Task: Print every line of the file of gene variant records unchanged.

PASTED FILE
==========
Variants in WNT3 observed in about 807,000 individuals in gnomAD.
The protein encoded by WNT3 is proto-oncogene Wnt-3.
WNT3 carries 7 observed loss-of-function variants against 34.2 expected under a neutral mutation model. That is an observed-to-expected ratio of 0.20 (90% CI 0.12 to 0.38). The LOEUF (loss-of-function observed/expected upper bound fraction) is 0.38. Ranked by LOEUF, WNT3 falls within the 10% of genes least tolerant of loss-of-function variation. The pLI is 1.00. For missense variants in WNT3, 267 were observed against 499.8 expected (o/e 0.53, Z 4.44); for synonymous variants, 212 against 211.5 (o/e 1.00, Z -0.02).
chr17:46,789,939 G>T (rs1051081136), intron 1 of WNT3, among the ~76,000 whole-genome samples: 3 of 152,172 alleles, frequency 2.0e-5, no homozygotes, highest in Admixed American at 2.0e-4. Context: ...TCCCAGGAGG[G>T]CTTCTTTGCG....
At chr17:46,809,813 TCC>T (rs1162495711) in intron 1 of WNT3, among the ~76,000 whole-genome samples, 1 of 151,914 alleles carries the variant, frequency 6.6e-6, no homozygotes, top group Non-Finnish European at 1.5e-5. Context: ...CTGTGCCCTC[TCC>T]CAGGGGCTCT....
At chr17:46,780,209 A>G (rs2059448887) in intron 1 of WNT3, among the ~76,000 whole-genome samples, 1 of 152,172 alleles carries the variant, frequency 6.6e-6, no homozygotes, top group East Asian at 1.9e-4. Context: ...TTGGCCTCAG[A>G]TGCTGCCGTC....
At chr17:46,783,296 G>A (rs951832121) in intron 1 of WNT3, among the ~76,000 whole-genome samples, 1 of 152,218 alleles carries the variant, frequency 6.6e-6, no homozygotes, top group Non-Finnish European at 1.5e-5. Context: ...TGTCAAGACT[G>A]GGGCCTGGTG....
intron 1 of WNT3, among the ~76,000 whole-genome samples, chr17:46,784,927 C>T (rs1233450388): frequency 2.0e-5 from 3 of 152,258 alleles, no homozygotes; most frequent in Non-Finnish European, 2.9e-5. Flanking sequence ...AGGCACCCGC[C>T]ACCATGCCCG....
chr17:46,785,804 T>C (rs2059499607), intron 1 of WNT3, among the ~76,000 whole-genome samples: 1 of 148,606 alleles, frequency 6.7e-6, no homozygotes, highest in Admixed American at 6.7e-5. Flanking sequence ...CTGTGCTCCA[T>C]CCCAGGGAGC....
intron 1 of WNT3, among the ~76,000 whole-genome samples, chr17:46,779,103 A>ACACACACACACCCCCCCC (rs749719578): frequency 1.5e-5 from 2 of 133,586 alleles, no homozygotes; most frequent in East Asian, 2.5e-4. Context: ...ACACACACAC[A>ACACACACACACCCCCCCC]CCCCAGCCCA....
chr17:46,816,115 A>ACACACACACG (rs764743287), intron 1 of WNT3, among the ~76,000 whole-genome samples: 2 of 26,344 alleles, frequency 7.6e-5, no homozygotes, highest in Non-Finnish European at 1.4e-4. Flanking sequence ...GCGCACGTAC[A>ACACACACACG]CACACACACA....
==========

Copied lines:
Variants in WNT3 observed in about 807,000 individuals in gnomAD.
The protein encoded by WNT3 is proto-oncogene Wnt-3.
WNT3 carries 7 observed loss-of-function variants against 34.2 expected under a neutral mutation model. That is an observed-to-expected ratio of 0.20 (90% CI 0.12 to 0.38). The LOEUF (loss-of-function observed/expected upper bound fraction) is 0.38. Ranked by LOEUF, WNT3 falls within the 10% of genes least tolerant of loss-of-function variation. The pLI is 1.00. For missense variants in WNT3, 267 were observed against 499.8 expected (o/e 0.53, Z 4.44); for synonymous variants, 212 against 211.5 (o/e 1.00, Z -0.02).
chr17:46,789,939 G>T (rs1051081136), intron 1 of WNT3, among the ~76,000 whole-genome samples: 3 of 152,172 alleles, frequency 2.0e-5, no homozygotes, highest in Admixed American at 2.0e-4. Context: ...TCCCAGGAGG[G>T]CTTCTTTGCG....
At chr17:46,809,813 TCC>T (rs1162495711) in intron 1 of WNT3, among the ~76,000 whole-genome samples, 1 of 151,914 alleles carries the variant, frequency 6.6e-6, no homozygotes, top group Non-Finnish European at 1.5e-5. Context: ...CTGTGCCCTC[TCC>T]CAGGGGCTCT....
At chr17:46,780,209 A>G (rs2059448887) in intron 1 of WNT3, among the ~76,000 whole-genome samples, 1 of 152,172 alleles carries the variant, frequency 6.6e-6, no homozygotes, top group East Asian at 1.9e-4. Context: ...TTGGCCTCAG[A>G]TGCTGCCGTC....
At chr17:46,783,296 G>A (rs951832121) in intron 1 of WNT3, among the ~76,000 whole-genome samples, 1 of 152,218 alleles carries the variant, frequency 6.6e-6, no homozygotes, top group Non-Finnish European at 1.5e-5. Context: ...TGTCAAGACT[G>A]GGGCCTGGTG....
intron 1 of WNT3, among the ~76,000 whole-genome samples, chr17:46,784,927 C>T (rs1233450388): frequency 2.0e-5 from 3 of 152,258 alleles, no homozygotes; most frequent in Non-Finnish European, 2.9e-5. Flanking sequence ...AGGCACCCGC[C>T]ACCATGCCCG....
chr17:46,785,804 T>C (rs2059499607), intron 1 of WNT3, among the ~76,000 whole-genome samples: 1 of 148,606 alleles, frequency 6.7e-6, no homozygotes, highest in Admixed American at 6.7e-5. Flanking sequence ...CTGTGCTCCA[T>C]CCCAGGGAGC....
intron 1 of WNT3, among the ~76,000 whole-genome samples, chr17:46,779,103 A>ACACACACACACCCCCCCC (rs749719578): frequency 1.5e-5 from 2 of 133,586 alleles, no homozygotes; most frequent in East Asian, 2.5e-4. Context: ...ACACACACAC[A>ACACACACACACCCCCCCC]CCCCAGCCCA....
chr17:46,816,115 A>ACACACACACG (rs764743287), intron 1 of WNT3, among the ~76,000 whole-genome samples: 2 of 26,344 alleles, frequency 7.6e-5, no homozygotes, highest in Non-Finnish European at 1.4e-4. Flanking sequence ...GCGCACGTAC[A>ACACACACACG]CACACACACA....